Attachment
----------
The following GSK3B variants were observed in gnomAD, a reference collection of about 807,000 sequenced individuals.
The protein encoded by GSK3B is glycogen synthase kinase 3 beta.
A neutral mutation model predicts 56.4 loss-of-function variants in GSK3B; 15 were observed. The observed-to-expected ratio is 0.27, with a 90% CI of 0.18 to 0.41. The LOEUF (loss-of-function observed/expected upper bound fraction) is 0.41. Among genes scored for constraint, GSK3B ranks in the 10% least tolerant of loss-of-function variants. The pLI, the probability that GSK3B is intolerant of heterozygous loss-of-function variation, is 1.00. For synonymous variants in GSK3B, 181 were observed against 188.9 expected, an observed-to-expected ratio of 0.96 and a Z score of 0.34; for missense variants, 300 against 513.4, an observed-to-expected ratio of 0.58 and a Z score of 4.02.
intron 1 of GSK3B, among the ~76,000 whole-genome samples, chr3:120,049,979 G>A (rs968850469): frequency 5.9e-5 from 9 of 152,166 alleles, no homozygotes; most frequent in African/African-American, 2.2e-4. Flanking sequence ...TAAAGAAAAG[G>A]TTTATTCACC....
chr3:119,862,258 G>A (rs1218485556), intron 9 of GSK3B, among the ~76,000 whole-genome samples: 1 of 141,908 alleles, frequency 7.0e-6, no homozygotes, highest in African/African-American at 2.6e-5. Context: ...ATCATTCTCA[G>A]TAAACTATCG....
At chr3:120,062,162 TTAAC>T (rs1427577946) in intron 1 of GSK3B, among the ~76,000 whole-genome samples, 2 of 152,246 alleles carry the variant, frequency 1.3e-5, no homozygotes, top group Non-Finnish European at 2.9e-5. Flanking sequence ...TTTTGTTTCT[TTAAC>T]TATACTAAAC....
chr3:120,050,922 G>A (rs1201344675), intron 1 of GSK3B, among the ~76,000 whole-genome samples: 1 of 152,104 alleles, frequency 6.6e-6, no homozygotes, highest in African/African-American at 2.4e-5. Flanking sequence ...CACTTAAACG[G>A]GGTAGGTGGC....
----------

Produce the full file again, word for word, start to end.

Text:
The following GSK3B variants were observed in gnomAD, a reference collection of about 807,000 sequenced individuals.
The protein encoded by GSK3B is glycogen synthase kinase 3 beta.
A neutral mutation model predicts 56.4 loss-of-function variants in GSK3B; 15 were observed. The observed-to-expected ratio is 0.27, with a 90% CI of 0.18 to 0.41. The LOEUF (loss-of-function observed/expected upper bound fraction) is 0.41. Among genes scored for constraint, GSK3B ranks in the 10% least tolerant of loss-of-function variants. The pLI, the probability that GSK3B is intolerant of heterozygous loss-of-function variation, is 1.00. For synonymous variants in GSK3B, 181 were observed against 188.9 expected, an observed-to-expected ratio of 0.96 and a Z score of 0.34; for missense variants, 300 against 513.4, an observed-to-expected ratio of 0.58 and a Z score of 4.02.
intron 1 of GSK3B, among the ~76,000 whole-genome samples, chr3:120,049,979 G>A (rs968850469): frequency 5.9e-5 from 9 of 152,166 alleles, no homozygotes; most frequent in African/African-American, 2.2e-4. Flanking sequence ...TAAAGAAAAG[G>A]TTTATTCACC....
chr3:119,862,258 G>A (rs1218485556), intron 9 of GSK3B, among the ~76,000 whole-genome samples: 1 of 141,908 alleles, frequency 7.0e-6, no homozygotes, highest in African/African-American at 2.6e-5. Context: ...ATCATTCTCA[G>A]TAAACTATCG....
At chr3:120,062,162 TTAAC>T (rs1427577946) in intron 1 of GSK3B, among the ~76,000 whole-genome samples, 2 of 152,246 alleles carry the variant, frequency 1.3e-5, no homozygotes, top group Non-Finnish European at 2.9e-5. Flanking sequence ...TTTTGTTTCT[TTAAC>T]TATACTAAAC....
chr3:120,050,922 G>A (rs1201344675), intron 1 of GSK3B, among the ~76,000 whole-genome samples: 1 of 152,104 alleles, frequency 6.6e-6, no homozygotes, highest in African/African-American at 2.4e-5. Flanking sequence ...CACTTAAACG[G>A]GGTAGGTGGC....